Of course, we also need to understand. I’m not an engineer, but I think I’ve really tried to read a lot about artificial intelligence. We have the privilege in Greece of having an exceptional high-level Committee advising me on artificial intelligence, so I better educate myself in order to understand what these people are actually telling me. But it seems to me that there are very, very few people in the world who really understand how these large language models actually look. This, I would suggest, could be a reason of concern. At the same time, when the developments are moving so quickly, when I’m not even sure that the scientists who develop them fully understand the implications of how these algorithms actually work.

So, without believing in a sort of terminated future where machines are going to take over the world and eliminate all of us, this should give us a sort of reason to be concerned. If the rationale is profit, then speed is of essence. “The faster we move, the better it will be”. If you look at the valuations that the markets assign to these companies, there’s a reason to be quick.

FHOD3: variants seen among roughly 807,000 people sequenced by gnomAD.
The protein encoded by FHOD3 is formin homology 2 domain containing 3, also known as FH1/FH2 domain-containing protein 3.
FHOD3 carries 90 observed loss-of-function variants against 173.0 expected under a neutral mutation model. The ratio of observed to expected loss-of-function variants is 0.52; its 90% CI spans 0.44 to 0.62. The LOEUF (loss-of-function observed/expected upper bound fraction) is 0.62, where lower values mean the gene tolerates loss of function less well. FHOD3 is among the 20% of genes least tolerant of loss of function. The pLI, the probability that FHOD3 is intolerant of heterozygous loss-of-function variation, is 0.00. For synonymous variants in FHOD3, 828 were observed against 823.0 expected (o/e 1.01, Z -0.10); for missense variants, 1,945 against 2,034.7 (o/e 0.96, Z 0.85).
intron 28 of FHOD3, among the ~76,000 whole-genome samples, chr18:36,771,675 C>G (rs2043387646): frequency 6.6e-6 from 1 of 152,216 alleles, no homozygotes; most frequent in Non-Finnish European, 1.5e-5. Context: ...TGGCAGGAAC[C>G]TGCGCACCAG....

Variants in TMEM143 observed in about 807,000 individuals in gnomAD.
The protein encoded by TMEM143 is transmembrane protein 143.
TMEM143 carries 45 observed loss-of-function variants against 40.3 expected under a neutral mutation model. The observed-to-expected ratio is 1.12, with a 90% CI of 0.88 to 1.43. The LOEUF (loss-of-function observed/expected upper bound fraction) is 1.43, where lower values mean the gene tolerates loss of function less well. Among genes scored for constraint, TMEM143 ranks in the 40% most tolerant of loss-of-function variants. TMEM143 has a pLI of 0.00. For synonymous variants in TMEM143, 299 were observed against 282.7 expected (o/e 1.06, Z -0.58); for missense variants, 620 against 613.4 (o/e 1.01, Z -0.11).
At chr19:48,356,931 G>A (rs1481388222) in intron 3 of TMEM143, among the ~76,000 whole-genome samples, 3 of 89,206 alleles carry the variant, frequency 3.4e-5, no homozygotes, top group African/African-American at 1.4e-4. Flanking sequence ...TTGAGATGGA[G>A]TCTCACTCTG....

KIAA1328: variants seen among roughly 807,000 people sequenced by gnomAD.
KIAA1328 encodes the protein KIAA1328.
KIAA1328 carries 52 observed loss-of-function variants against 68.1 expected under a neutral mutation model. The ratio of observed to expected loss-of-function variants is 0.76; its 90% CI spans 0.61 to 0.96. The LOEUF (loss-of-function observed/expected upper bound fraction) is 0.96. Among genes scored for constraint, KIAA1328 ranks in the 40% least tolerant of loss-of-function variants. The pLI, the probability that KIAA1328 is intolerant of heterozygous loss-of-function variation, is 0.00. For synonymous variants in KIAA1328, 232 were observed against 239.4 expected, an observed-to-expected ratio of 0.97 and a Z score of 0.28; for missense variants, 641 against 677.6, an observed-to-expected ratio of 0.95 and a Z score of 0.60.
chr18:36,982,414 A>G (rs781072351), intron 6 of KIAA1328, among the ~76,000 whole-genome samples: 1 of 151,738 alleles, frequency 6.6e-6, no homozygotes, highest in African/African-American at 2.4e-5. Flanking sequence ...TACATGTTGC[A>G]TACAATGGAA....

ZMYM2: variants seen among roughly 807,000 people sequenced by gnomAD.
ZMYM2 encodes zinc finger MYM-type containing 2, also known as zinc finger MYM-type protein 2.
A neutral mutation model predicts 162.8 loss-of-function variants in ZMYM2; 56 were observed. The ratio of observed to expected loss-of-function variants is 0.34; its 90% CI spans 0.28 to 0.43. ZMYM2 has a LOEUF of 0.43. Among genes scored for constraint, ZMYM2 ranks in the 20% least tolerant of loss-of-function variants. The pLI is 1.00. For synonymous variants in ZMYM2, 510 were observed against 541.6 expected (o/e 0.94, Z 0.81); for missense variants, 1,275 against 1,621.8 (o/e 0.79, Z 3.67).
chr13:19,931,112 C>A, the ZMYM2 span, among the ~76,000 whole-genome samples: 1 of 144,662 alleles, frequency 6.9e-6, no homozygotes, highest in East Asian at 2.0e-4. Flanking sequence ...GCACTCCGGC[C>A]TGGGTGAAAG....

But does this give us really time to pause and think about what it is we’re doing? And this is probably a more benign version of the world, because there’s another version of the world in a more, I would say, state control, a more statist approach towards artificial intelligence, where you can see artificial intelligence as a weapon against your geopolitical opponents.

There, again, you have no reason to stop and pause because you want to gain some sort of competitive advantage in this new Cold War, which is defined by technology.

Where does this leave us, especially us in Europe? We try to take a more values-based approach towards smart regulation of artificial intelligence.

My third observation, which brings us to the debate that we will have today, relates to the philosophical heritage and how does it help us to make sense of the complicated work, but also the complicated choices that we have to make. I’m not a deep scholar of Aristotle, but I’ve read lots of his works, and I do think that as a thinker who examines the relationship between human nature, ethics, and the political community, yes, there is a lot that maybe he can teach us in providing a conceptual and philosophical framework to think about these deep problems.